A NUMBER of religious and civic organizations on Wednesday formed a coalition against attempts to amend the 1987 Constitution.

The Koalisyon Laban sa Cha-cha (Coalition against Charter change) said revising the Constitution will not solve the country’s problems, as claimed by its proponents.

Among its founding members were Sen. Ana Theresia “Risa” Hontiveros, Kidapawan Bishop Jose Colin Bagaforo, Bishop Jonel Milan of the K4Philippines Intercessors Movement, Caritas Manila Executive Secretary Fr. Antonio Labiao, Ging Quintos-Deles of the Buhay ang EDSA Campaign Network, Minnie Anne Mata-Calub of the National Council of Churches in the Philippines (NCCP), Josua Mata of Nagkaisa Labor Coalition, and members of Akbayan youth

Religious and various group's launch ed Wednesday, February 14 at Knight's of Columbus, a coalition against a renewed push for Charter Change(Cha-Cha) which they said will not solve the country's contrary to its proponents.PHOTO BY: RENE H. DILAN
Religious and various group’s launch ed Wednesday, February 14 at Knight’s of Columbus, a coalition against a renewed push for Charter Change(Cha-Cha) which they said will not solve the country’s contrary to its proponents.PHOTO BY: RENE H. DILAN

“Our Constitution is robust but not fully implemented and completed with the necessary implementing laws,” the coalition said in a statement.

“The leaders we entrusted with power do not fully implement the Constitution and provide necessary implementing laws because of a selfish agenda,” it added.

The coalition refuted claims of pro-Cha-cha lawmakers that the Constitution and its economic provisions are to be blamed for chronic poverty.

It said there is no reason to change the Constitution if President Ferdinand Marcos Jr. himself is “in denial of the corruption and human rights abuses of his father’s dictatorial regime.”

Instead of revising the Charter, the coalition said the government should eradicate corruption, protect the environment, break political dynasties and ensure electoral integrity.

“We view attempts to alter the Constitution, especially with questionable motives and limited public participation, as threatening our nation’s well-being,” said Bagaforo, chairman of the Catholic Bishops Conference of the Philippines’ Episcopal Commission on Social Action, Justice and Peace.

Bagaforo is also the head of Caritas Philippines.

The Kidapawan prelate said the 1987 Constitution “is not a political plaything” but was crafted “after a dark period to serve the Filipino people, upholding human dignity, human rights, and the common good.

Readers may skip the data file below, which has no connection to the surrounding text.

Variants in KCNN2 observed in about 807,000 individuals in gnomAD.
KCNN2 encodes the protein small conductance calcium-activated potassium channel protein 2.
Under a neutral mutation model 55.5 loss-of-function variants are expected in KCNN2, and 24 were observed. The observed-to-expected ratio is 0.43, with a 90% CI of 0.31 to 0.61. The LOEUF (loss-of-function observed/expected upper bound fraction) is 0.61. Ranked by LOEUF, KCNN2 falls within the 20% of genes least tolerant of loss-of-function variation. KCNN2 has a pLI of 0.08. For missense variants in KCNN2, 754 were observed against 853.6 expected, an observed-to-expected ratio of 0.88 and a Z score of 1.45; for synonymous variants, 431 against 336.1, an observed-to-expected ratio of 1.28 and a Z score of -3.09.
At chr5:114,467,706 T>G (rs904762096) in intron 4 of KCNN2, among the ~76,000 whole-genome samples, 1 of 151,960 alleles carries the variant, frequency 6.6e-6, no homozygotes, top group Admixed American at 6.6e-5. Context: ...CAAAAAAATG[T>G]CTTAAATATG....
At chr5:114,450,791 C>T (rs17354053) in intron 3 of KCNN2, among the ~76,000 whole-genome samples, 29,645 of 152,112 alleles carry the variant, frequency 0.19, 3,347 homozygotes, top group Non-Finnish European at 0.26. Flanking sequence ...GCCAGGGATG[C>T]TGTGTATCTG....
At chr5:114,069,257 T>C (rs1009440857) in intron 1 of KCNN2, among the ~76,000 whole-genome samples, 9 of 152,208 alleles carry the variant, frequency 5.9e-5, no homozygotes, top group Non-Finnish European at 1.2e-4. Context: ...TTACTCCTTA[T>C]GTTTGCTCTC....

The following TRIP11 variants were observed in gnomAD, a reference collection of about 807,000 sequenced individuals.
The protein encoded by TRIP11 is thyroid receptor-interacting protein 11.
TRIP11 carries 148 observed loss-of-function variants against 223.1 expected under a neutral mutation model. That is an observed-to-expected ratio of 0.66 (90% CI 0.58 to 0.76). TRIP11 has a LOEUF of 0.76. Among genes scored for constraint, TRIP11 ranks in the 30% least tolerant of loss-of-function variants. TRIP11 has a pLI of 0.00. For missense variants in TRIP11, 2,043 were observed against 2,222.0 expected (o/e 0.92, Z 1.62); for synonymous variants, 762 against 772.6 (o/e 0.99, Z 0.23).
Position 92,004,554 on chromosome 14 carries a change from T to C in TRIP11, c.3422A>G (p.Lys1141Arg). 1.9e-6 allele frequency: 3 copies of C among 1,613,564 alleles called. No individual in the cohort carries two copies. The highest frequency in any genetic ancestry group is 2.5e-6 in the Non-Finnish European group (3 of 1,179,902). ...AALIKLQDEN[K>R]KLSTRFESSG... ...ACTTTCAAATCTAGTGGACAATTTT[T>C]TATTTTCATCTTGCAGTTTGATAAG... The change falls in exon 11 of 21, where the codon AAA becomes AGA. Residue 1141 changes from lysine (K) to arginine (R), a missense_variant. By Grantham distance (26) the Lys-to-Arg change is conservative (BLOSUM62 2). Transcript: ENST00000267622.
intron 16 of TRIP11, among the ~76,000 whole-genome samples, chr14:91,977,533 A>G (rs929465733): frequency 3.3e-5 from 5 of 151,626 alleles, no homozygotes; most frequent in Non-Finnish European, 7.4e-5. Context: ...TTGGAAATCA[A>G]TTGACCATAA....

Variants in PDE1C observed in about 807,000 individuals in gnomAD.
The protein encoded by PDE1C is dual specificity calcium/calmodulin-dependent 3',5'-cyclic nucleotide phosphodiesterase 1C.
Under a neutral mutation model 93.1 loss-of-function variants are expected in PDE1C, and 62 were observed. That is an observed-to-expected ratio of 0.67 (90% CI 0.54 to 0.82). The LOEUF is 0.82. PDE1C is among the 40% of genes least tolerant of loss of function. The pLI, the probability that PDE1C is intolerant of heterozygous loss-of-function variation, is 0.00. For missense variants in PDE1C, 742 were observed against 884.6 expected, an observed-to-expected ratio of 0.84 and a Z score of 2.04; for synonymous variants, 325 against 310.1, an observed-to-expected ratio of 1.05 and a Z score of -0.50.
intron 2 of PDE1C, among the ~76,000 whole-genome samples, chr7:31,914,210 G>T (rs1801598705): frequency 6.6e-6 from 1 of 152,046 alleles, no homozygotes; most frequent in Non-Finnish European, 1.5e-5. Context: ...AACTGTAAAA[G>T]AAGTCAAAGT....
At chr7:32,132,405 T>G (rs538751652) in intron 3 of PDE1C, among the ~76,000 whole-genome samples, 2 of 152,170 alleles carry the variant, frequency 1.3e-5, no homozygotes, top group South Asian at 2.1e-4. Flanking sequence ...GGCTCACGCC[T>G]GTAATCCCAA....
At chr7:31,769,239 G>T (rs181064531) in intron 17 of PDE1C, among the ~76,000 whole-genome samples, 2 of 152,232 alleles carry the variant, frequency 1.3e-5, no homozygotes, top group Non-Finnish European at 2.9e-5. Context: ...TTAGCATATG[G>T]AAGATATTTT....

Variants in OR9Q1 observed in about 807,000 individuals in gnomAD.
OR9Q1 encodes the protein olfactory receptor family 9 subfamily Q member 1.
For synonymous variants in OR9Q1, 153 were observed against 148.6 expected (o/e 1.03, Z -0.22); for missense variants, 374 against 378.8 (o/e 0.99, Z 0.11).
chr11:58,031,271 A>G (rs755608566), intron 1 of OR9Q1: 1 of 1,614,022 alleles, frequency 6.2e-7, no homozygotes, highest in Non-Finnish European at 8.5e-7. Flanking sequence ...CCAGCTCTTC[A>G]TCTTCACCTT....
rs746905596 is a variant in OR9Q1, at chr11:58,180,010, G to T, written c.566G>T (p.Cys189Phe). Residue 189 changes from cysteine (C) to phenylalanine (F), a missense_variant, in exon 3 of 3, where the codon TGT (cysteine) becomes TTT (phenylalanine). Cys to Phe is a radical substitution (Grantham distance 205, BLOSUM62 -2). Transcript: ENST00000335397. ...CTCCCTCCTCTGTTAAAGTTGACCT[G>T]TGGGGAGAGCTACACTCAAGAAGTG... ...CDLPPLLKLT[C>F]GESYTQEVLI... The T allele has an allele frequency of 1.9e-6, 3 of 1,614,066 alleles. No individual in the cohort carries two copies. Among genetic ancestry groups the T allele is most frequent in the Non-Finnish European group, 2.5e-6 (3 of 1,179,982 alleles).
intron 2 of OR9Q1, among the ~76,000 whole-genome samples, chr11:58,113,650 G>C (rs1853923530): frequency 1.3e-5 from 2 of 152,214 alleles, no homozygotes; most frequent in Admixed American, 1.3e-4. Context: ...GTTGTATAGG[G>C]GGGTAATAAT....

“We echo the CBCP’s stance: Any revision must adhere to these moral principles,” Bagaforo said.

Hontiveros hailed the “true unity” of religious and civic groups against Cha-cha.

“This is true unity: The unity of the people who will fight for the good of the many, not just for the interests of the few,” she said.

The senator urged people to join the coalition and other groups against Cha-cha.

“We are tired of crying because of broken hearts and broken promises. So let’s wipe our tears and wholeheartedly bear the cross of the fight against Cha-cha so that our town can become a truly friendly town,” Hontiveros said.

The NCCP, an ecumenical fellowship of non-Roman Catholic denominations in the country, has expressed its opposition to Cha-cha.

“It will open up the economy to further foreign exploitation and foreign military bases. The former will further mire the people in poverty while the latter will compromise Philippine sovereignty,” NCCP’s vice chairman for women Jennifer Ferariza-Meneses said.

Akbayan Youth Chairman Justine Balane said student councils were rising against Cha-cha, which he said would “short-change” the youth.

“In the face of our nation’s pressing problems, present Charter Change initiatives are divisive, wasteful, and unnecessary. We urge our politicians to put solving our people’s hunger, poverty, and poor education first,” said Deles.

“A just and equitable society for all Filipinos cannot be achieved through self-serving Charter changes, but through a genuine commitment to the people’s welfare. We urge the government to fulfill its duty and prioritize the needs of its citizens,” Labiao added.

Mata said that what Filipinos need are living wages, jobs and rights.

“If your heart isn’t here, you’re probably only after power and wealth. We urge our legislators to prioritize policies that would address the chronic poverty amidst the widening gap of income inequality in the country,” Mata said.